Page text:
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First dental round in 20 years, 9 cavities and wisdom teeth extraction! (long story ahead)



Junior member
Jan 28, 2014
Western Sydney, Australia
First dental round in 20 years, 9 cavities and wisdom teeth extraction! (long story ahead)

Hi, I wanted to post on this site as I used this site to help me with my anxiety.

The last dental visit I had before this round was around 20 years ago, when I was 8 years old. My family wasn't well-off so we had to rely on the public health system which is less than perfect. You might wonder why my parents never dragged me to the dentist after that against my will, well they are dental-phobic as well! I had a cavity filled and 2 baby teeth pulled, the cavity filling was enough to put me off going to the dentist forever. I thought if I took good enough care of my teeth I could avoid another trip for the rest of my life.

About a year ago, I noticed my wisdom teeth started to discolour. I ignored it. Then it happened, they started to crumble, both bottom wizzies within a month of each other. I was scared, but still not scared enough to visit the dentist. I ignored it for about 6 months, but then I did start to feel pain at times when chewing certain foods. I could also visibly see 2 large dark holes in my teeth! I told my sister about this and she insisted I go to the dentist, but I never did. After noticing for several weeks that I wasn't going to do anything, my sister researched a good dentist, made the booking herself and drove me to the dentist. There is nothing like being bossed around by your little sister!

The first appointment was just a check up, my sister made one for herself as well and we went in together. I told the dentist about my fears straight away. He insisted I go first, as it would be worse for me to sit in the corner and stew while my sister had her check up. I sat in the chair and he was already giving me tips for how to reduce anxiety (breathing techniques, keeping eyes open, anti-gagging techniques). Because it was my first appointment in ages, the first thing he did was take an x-ray. After the x-ray was taken he put it up on the big screen and then walked us through what we were seeing. He showed parts of the mouth where the enamel was thinning, difference in density, etc. Aside from the 2 obvious cavities in my wisdom teeth, it turned out I had an additional 7 cavities. That's just great. He also had a device that could take actual photos, and i got to see my wisdom teeth in all their stained, cavernous glory. My sister thought it was pretty funny. I was under the assumption that the only treatment would be extraction but he actually said they could be filled! I hopped off the chair and it was my sister's turn. Her teeth were perfect.... The dentist then explained to me that for my issues, we would start with something simple such as a minor cavity in the front and a teeth cleaning to get me used to the idea of dental visits. I went out to reception to make an appointment, I requested 'a month from now' but my sister interrupted and said 'next week'.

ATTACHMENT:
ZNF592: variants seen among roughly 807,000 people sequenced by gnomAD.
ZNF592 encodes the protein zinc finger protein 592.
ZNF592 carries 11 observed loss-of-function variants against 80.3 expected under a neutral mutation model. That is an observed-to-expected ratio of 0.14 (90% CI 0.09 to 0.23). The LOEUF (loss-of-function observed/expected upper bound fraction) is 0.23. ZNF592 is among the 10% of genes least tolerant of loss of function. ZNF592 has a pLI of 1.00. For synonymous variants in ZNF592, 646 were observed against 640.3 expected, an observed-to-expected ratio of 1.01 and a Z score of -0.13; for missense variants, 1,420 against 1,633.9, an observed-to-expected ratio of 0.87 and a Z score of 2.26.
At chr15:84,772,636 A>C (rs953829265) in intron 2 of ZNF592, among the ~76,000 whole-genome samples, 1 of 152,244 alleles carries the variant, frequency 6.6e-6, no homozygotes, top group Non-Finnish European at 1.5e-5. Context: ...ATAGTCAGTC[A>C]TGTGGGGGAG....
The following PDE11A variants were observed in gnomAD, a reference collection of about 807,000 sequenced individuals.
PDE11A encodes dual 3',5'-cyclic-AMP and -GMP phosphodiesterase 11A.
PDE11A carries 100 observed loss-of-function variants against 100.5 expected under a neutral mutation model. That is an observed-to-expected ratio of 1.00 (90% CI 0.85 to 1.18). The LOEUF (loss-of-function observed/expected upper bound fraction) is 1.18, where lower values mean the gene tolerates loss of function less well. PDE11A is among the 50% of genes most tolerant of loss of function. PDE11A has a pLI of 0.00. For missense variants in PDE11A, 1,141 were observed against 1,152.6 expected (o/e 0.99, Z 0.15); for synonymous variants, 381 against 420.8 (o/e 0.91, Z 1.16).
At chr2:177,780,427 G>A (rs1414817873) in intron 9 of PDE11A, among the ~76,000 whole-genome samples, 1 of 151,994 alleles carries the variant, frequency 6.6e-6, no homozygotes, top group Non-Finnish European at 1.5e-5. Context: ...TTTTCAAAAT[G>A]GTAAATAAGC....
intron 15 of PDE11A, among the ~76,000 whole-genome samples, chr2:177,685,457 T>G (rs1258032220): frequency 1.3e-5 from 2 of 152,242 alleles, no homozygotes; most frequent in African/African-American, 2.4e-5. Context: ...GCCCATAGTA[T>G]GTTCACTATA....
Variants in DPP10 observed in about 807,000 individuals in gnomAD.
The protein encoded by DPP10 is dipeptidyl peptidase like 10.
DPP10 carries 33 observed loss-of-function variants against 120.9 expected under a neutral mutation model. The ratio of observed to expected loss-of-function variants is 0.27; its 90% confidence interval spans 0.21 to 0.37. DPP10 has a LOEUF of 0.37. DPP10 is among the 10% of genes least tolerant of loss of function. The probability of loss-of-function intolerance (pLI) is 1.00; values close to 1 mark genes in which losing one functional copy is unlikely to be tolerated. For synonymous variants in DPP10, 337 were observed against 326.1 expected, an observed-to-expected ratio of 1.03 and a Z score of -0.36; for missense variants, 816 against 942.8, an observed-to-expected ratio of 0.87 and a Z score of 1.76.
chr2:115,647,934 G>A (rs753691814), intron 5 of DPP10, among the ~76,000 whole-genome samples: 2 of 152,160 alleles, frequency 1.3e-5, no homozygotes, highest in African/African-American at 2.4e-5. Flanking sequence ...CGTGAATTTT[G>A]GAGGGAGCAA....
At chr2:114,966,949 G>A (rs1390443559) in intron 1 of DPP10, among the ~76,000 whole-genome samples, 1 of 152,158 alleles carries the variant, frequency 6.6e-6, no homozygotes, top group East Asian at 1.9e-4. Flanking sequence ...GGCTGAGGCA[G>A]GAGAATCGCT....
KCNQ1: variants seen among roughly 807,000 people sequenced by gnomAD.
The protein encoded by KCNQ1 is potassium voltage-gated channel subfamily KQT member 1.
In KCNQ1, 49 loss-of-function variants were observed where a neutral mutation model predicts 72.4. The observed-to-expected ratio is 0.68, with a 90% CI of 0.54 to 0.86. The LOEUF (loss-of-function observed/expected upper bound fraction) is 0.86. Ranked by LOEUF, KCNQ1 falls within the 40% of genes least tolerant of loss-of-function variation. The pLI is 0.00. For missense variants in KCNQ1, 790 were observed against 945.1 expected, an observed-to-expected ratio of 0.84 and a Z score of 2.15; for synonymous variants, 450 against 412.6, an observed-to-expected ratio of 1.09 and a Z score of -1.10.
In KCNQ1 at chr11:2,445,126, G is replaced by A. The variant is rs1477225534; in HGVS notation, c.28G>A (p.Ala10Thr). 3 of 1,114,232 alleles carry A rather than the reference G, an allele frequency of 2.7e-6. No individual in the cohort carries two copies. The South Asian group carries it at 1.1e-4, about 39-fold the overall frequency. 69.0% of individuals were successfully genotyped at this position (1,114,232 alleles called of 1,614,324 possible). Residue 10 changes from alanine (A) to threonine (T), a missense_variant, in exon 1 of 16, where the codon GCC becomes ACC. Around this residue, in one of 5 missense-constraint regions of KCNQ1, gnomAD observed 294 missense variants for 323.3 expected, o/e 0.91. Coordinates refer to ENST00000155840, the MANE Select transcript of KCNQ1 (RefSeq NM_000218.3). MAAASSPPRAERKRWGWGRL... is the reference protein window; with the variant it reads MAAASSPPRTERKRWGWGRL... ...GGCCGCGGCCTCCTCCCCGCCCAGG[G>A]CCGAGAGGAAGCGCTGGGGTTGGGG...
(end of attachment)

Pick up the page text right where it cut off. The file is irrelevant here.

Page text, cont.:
One week later, I was back in for my clean and filling. My biggest fear had to do with pain, and the dentist instructed me to raise my hand if I felt anything. I also feel that information helps to relieve my anxiety so I asked questions about everything, such as what numbing agent they would use, their equipment, what they would be doing. The teeth cleaning was non-eventful. I was nervous about the filling but that was surprisingly non-eventful as well! The needle didn't even hurt because he applied numbing gel first. I walked out of the place smiling and talking, not the drooling, pained mess I remember from my childhood. I eagerly booked the next appointment.

The next appointment was to fill in a tooth that was further back. This time, the needle was felt going in, when I asked why he said the needle had to go in deeper and the numbing gel would be pointless. It wasn't unbearable, but I just hate needles! Everything went well for the most part, though there were times I struggled with breathing, gagging, and keeping my mouth open wide enough. After this appointment he explained to me that it may be worth considering getting my wisdom teeth extracted after all, because it is a delicate area to drill and my inadvertent behaviour could cause trouble. I would have time to think about this.